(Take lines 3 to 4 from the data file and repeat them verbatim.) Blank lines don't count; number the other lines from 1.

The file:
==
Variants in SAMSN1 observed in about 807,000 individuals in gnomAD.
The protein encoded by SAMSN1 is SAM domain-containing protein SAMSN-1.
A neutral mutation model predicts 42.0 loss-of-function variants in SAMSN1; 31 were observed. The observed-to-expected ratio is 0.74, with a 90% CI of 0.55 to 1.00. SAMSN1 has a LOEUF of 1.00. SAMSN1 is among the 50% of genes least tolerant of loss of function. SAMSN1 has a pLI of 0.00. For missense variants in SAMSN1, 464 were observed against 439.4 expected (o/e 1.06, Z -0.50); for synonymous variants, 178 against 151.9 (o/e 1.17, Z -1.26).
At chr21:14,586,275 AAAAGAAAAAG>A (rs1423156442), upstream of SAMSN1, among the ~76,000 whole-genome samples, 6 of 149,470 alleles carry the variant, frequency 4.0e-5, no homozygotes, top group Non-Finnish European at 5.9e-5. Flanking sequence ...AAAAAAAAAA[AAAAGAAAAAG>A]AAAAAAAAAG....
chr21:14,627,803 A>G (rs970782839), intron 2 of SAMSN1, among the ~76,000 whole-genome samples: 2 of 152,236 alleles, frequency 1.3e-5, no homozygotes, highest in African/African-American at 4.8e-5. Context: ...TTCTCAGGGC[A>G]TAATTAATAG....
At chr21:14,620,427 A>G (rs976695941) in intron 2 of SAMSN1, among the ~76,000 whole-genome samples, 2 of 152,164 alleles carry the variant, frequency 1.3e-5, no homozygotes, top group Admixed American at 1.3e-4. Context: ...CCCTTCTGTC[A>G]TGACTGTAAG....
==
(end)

A neutral mutation model predicts 42.0 loss-of-function variants in SAMSN1; 31 were observed. The observed-to-expected ratio is 0.74, with a 90% CI of 0.55 to 1.00. SAMSN1 has a LOEUF of 1.00. SAMSN1 is among the 50% of genes least tolerant of loss of function. SAMSN1 has a pLI of 0.00. For missense variants in SAMSN1, 464 were observed against 439.4 expected (o/e 1.06, Z -0.50); for synonymous variants, 178 against 151.9 (o/e 1.17, Z -1.26).
At chr21:14,586,275 AAAAGAAAAAG>A (rs1423156442), upstream of SAMSN1, among the ~76,000 whole-genome samples, 6 of 149,470 alleles carry the variant, frequency 4.0e-5, no homozygotes, top group Non-Finnish European at 5.9e-5. Flanking sequence ...AAAAAAAAAA[AAAAGAAAAAG>A]AAAAAAAAAG....